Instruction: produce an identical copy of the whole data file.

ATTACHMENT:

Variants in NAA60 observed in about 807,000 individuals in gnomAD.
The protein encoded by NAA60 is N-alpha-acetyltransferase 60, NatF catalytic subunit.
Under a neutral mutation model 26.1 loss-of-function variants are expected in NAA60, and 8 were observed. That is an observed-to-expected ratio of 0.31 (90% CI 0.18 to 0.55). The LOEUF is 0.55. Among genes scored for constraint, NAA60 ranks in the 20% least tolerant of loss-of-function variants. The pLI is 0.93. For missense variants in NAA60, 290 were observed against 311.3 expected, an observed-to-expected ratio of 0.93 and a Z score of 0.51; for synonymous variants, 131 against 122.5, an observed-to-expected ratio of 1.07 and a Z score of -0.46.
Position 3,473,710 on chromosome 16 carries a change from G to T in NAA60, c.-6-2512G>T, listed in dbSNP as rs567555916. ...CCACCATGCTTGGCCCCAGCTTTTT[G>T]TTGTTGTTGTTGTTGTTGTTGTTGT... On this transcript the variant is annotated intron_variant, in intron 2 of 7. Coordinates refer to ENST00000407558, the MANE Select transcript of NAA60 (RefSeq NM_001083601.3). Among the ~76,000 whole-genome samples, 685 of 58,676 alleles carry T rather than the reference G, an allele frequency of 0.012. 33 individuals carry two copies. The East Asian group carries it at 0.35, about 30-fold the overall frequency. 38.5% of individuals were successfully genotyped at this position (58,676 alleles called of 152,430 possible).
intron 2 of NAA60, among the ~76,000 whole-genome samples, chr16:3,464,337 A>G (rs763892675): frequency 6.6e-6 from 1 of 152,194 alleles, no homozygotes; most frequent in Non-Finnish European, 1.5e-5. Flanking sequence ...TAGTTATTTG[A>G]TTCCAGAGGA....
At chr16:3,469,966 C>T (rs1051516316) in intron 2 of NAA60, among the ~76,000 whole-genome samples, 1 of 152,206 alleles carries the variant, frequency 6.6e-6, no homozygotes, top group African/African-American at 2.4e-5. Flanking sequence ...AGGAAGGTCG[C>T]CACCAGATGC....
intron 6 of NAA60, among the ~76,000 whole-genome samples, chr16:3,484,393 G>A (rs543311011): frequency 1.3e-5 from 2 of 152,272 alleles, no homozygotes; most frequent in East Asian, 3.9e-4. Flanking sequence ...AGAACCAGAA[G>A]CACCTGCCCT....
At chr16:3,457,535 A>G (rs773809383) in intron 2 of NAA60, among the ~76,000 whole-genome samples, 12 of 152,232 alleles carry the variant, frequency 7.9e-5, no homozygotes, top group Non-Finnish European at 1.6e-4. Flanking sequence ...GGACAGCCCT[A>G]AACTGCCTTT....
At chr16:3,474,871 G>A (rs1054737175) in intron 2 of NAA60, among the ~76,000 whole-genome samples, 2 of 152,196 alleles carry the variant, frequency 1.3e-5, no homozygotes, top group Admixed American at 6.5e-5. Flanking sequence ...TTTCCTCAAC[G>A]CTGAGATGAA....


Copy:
Variants in NAA60 observed in about 807,000 individuals in gnomAD.
The protein encoded by NAA60 is N-alpha-acetyltransferase 60, NatF catalytic subunit.
Under a neutral mutation model 26.1 loss-of-function variants are expected in NAA60, and 8 were observed. That is an observed-to-expected ratio of 0.31 (90% CI 0.18 to 0.55). The LOEUF is 0.55. Among genes scored for constraint, NAA60 ranks in the 20% least tolerant of loss-of-function variants. The pLI is 0.93. For missense variants in NAA60, 290 were observed against 311.3 expected, an observed-to-expected ratio of 0.93 and a Z score of 0.51; for synonymous variants, 131 against 122.5, an observed-to-expected ratio of 1.07 and a Z score of -0.46.
Position 3,473,710 on chromosome 16 carries a change from G to T in NAA60, c.-6-2512G>T, listed in dbSNP as rs567555916. ...CCACCATGCTTGGCCCCAGCTTTTT[G>T]TTGTTGTTGTTGTTGTTGTTGTTGT... On this transcript the variant is annotated intron_variant, in intron 2 of 7. Coordinates refer to ENST00000407558, the MANE Select transcript of NAA60 (RefSeq NM_001083601.3). Among the ~76,000 whole-genome samples, 685 of 58,676 alleles carry T rather than the reference G, an allele frequency of 0.012. 33 individuals carry two copies. The East Asian group carries it at 0.35, about 30-fold the overall frequency. 38.5% of individuals were successfully genotyped at this position (58,676 alleles called of 152,430 possible).
intron 2 of NAA60, among the ~76,000 whole-genome samples, chr16:3,464,337 A>G (rs763892675): frequency 6.6e-6 from 1 of 152,194 alleles, no homozygotes; most frequent in Non-Finnish European, 1.5e-5. Flanking sequence ...TAGTTATTTG[A>G]TTCCAGAGGA....
At chr16:3,469,966 C>T (rs1051516316) in intron 2 of NAA60, among the ~76,000 whole-genome samples, 1 of 152,206 alleles carries the variant, frequency 6.6e-6, no homozygotes, top group African/African-American at 2.4e-5. Flanking sequence ...AGGAAGGTCG[C>T]CACCAGATGC....
intron 6 of NAA60, among the ~76,000 whole-genome samples, chr16:3,484,393 G>A (rs543311011): frequency 1.3e-5 from 2 of 152,272 alleles, no homozygotes; most frequent in East Asian, 3.9e-4. Flanking sequence ...AGAACCAGAA[G>A]CACCTGCCCT....
At chr16:3,457,535 A>G (rs773809383) in intron 2 of NAA60, among the ~76,000 whole-genome samples, 12 of 152,232 alleles carry the variant, frequency 7.9e-5, no homozygotes, top group Non-Finnish European at 1.6e-4. Flanking sequence ...GGACAGCCCT[A>G]AACTGCCTTT....
At chr16:3,474,871 G>A (rs1054737175) in intron 2 of NAA60, among the ~76,000 whole-genome samples, 2 of 152,196 alleles carry the variant, frequency 1.3e-5, no homozygotes, top group Admixed American at 6.5e-5. Flanking sequence ...TTTCCTCAAC[G>A]CTGAGATGAA....